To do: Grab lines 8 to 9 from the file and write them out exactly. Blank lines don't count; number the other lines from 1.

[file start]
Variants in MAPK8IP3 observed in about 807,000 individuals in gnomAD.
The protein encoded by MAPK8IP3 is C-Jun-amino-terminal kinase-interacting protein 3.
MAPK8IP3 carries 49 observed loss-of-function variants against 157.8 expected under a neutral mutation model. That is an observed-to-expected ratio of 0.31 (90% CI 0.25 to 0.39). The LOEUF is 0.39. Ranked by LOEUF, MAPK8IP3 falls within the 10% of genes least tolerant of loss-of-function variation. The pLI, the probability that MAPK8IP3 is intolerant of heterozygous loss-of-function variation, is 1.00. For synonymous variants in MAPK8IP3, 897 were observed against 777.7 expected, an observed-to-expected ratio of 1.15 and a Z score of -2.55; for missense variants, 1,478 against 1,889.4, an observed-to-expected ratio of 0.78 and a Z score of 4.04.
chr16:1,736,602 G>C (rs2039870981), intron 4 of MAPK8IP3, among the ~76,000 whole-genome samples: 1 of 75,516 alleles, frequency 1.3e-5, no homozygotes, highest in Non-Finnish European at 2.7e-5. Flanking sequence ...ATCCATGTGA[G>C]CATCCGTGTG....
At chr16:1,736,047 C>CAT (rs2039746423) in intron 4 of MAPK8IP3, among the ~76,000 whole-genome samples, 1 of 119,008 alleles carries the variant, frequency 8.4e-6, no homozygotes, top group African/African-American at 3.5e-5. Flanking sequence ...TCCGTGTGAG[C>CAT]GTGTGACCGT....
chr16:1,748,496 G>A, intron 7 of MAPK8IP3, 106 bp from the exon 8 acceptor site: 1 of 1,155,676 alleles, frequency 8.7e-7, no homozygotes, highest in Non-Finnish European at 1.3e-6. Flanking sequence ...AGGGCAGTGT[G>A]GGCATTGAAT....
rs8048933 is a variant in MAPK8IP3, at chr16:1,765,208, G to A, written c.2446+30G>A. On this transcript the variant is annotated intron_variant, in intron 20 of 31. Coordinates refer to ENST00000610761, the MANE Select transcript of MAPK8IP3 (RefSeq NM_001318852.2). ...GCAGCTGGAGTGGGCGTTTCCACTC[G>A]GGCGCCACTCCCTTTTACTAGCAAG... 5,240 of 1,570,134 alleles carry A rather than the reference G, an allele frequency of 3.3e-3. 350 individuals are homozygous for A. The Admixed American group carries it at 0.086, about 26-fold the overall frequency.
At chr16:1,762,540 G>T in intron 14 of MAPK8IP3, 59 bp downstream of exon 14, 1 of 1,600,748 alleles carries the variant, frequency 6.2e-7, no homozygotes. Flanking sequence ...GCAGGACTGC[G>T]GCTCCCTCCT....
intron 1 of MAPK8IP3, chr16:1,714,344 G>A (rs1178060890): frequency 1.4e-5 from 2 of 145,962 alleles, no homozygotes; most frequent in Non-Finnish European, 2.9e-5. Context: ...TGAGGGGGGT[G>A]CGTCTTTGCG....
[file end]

At chr16:1,762,540 G>T in intron 14 of MAPK8IP3, 59 bp downstream of exon 14, 1 of 1,600,748 alleles carries the variant, frequency 6.2e-7, no homozygotes. Flanking sequence ...GCAGGACTGC[G>T]GCTCCCTCCT....
intron 1 of MAPK8IP3, chr16:1,714,344 G>A (rs1178060890): frequency 1.4e-5 from 2 of 145,962 alleles, no homozygotes; most frequent in Non-Finnish European, 2.9e-5. Context: ...TGAGGGGGGT[G>A]CGTCTTTGCG....